The website does not claim to reproduce “Mobile Worlds” one-to-one. It is neither a catalog nor a documentation, even though it works with elements of the exhibition. It is more driven by the desire to continue the curatorial method – into the realm of digital possibilities. More than a working sketch, an exploration, a few first steps have not (yet) come out of it. But there is a great  curiosity to explore the technical, epistemological and aesthetic possibilities of a digital museum.

For the time being, this website is far removed from the spirit of the collaborations that characterized “Mobile Worlds”.  The texts are penned by the curatorial team, but have been edited and adapted. They are patchy, subjective, and “situated.” The text-image relationship is similarly patchy. It makes no attempt to imitate the analog space of the exhibition, but follows its own associative form. As evident as the limits, but also the possibilities of the analog space are, as little tested are the forms of digital curating. Our desire is to use the digital space for further collaborations.

Like the selection of objects, the texts and photographs are the result of an engagement with a particular collection, that of the Hamburg Museum of Arts and Crafts (MKG). Other key objects were lent by the Johann Jacobs Museum in Zurich, from various collectors and artists.

In the depths of Western museum collections, one finds a considerable amount of objects that quite blatantly convey a racist imaginary. We have decided to include just some of these objects and to reproduce them blurred. With a mouse click they become accessible as historical documents.

For more information see: About


A bit of order can’t hurt. But what kind of order suits our collection? Areas and epochs? “Art,” “Africa,” “manuscripts,” “Islam,” “modernity”? Museums operate with such terms – visitors are used to them.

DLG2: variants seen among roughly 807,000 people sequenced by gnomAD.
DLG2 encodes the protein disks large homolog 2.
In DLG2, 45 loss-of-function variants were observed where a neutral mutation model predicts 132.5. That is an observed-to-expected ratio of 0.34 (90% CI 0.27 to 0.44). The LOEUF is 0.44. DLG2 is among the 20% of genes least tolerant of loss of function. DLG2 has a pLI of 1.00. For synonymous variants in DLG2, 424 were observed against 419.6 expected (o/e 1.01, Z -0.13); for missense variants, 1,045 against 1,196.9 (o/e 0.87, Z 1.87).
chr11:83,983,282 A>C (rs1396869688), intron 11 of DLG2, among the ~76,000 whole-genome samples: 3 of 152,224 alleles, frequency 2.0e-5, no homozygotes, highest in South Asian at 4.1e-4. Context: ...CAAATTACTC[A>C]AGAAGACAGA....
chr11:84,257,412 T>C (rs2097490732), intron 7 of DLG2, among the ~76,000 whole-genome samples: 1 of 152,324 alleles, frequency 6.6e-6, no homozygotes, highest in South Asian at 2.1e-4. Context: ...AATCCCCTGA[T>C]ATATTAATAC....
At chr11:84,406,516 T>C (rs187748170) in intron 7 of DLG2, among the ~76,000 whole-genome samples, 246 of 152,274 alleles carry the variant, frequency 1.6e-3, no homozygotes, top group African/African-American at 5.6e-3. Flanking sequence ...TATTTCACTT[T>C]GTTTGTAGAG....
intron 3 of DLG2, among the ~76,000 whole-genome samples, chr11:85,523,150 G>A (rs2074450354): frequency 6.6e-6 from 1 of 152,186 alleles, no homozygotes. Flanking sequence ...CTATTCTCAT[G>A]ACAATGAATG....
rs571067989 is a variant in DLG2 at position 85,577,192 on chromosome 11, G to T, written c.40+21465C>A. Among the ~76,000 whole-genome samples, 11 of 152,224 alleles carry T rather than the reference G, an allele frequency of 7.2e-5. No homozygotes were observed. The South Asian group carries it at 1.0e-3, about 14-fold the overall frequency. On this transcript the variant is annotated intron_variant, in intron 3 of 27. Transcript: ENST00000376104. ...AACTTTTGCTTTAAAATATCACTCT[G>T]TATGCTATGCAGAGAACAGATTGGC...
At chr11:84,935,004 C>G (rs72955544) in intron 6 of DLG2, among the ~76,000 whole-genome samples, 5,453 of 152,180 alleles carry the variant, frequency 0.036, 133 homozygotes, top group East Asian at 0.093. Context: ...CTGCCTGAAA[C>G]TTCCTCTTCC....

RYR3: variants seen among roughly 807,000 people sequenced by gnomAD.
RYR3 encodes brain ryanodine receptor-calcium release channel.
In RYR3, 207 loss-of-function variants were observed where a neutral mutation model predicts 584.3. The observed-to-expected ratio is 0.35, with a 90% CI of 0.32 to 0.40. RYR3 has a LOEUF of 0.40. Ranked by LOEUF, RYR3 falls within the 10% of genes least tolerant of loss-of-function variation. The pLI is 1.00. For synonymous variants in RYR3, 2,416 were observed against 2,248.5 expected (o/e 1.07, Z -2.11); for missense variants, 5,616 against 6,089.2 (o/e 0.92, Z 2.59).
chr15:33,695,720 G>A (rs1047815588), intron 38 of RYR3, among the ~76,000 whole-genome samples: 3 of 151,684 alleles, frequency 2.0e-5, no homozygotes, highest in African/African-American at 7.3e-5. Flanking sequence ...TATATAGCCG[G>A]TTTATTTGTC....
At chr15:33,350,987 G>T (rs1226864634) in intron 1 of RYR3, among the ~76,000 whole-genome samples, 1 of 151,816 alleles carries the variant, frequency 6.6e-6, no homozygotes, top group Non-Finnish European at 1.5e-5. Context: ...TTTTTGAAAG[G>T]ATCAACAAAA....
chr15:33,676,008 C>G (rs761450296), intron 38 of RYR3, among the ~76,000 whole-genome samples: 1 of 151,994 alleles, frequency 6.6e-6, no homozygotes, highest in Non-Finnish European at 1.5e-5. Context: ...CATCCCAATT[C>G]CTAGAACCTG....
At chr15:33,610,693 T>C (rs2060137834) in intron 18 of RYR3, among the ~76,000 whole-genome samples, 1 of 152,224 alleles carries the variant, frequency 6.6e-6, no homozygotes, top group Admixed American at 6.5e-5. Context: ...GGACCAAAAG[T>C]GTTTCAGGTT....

Our order, we readily admit, feels a bit unusual. It has no patience with the old categories. “Fertile crescent” – never heard of it. And then “pattern”, “hair” or “rubber”… What are we talking about? Well, “modernity” or “art” are not that much descriptive either. At least, our terms have the advantage to exhibit their arbitrariness. After all, everything could be completely different.


The museum is supposed to serve whom? The public, of course, but who is it? Museum administrations use surveys and outreach programs to solve that mystery. And then? Much remains the same. There is a better way to get to know the audience: active participation, and not only according to the museum´s rules. First of all, it needs to be clarified under which conditions people are willing to come together.
Does the museum dare to share curatorial responsibility with the audience? Who learns from and with whom? And how do we deal with conflicts that always arise when things get interesting (when it’s about more than just “participating”). “Mobile Worlds” was developed in exchange with the custodians of the MKG, with artists, Kurdish activists, a school and many other actors.